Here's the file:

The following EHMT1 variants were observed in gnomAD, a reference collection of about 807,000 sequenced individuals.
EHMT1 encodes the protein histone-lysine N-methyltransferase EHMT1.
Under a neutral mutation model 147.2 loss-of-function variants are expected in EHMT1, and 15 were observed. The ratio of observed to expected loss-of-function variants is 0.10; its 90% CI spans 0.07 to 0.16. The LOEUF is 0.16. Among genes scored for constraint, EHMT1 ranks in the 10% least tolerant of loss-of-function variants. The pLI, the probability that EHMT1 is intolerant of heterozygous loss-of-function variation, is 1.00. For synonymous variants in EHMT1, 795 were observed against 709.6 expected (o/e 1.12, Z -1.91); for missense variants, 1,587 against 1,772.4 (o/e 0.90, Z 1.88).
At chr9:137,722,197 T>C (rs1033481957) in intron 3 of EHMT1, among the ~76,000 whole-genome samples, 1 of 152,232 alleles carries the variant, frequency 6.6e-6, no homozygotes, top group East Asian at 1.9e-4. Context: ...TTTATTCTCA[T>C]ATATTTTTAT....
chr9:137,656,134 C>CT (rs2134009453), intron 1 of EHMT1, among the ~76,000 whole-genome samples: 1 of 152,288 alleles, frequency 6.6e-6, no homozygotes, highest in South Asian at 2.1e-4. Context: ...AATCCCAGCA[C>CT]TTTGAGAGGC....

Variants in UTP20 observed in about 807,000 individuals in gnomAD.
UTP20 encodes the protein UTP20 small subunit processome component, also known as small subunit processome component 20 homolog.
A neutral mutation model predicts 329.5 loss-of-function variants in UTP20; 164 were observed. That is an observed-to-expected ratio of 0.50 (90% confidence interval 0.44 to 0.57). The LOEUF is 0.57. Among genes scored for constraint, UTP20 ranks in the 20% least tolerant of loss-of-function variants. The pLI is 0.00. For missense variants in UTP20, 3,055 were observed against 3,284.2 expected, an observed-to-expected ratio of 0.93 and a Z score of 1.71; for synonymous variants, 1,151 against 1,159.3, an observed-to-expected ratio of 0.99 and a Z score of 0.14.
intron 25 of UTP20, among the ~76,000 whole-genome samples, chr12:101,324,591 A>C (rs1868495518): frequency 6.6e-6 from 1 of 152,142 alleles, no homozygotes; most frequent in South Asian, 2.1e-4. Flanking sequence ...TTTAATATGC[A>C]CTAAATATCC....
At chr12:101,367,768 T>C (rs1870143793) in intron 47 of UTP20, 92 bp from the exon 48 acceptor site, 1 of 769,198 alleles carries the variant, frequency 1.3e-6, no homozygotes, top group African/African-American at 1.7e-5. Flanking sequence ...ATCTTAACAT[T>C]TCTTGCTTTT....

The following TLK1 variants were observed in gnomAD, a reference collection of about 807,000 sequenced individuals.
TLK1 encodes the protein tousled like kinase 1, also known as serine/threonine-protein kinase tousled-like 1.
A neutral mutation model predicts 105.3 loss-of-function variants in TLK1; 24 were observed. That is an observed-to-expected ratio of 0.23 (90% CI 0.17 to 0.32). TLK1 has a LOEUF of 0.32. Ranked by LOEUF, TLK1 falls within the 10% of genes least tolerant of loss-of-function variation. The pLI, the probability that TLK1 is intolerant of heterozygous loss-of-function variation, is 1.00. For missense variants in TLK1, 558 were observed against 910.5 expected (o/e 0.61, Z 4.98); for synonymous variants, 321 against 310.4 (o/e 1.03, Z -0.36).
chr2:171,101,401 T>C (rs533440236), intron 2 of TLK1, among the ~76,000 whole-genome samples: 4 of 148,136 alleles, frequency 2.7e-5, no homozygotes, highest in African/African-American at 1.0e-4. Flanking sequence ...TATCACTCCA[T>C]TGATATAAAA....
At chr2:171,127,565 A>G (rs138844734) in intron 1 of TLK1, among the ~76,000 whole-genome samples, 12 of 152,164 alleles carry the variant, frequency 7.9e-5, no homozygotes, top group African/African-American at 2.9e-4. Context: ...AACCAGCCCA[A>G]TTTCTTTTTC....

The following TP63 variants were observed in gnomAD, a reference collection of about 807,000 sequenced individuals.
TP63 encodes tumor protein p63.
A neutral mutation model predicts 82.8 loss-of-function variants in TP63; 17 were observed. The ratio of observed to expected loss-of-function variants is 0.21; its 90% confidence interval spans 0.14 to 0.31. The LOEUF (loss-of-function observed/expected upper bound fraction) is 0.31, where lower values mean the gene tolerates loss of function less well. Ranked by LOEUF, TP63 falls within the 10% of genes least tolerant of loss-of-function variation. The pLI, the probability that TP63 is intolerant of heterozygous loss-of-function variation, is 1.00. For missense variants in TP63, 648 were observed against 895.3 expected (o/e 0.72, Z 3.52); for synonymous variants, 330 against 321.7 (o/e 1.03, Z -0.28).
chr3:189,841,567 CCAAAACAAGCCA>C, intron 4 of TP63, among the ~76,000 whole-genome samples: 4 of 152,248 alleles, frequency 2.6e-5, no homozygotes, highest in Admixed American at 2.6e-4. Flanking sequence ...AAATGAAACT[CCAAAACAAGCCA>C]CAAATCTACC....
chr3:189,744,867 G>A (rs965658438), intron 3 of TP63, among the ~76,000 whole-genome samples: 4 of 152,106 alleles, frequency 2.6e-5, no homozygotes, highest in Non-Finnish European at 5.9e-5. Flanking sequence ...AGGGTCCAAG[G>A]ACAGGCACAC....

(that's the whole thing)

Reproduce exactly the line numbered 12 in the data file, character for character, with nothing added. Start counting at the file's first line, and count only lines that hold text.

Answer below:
TLK1 encodes the protein tousled like kinase 1, also known as serine/threonine-protein kinase tousled-like 1.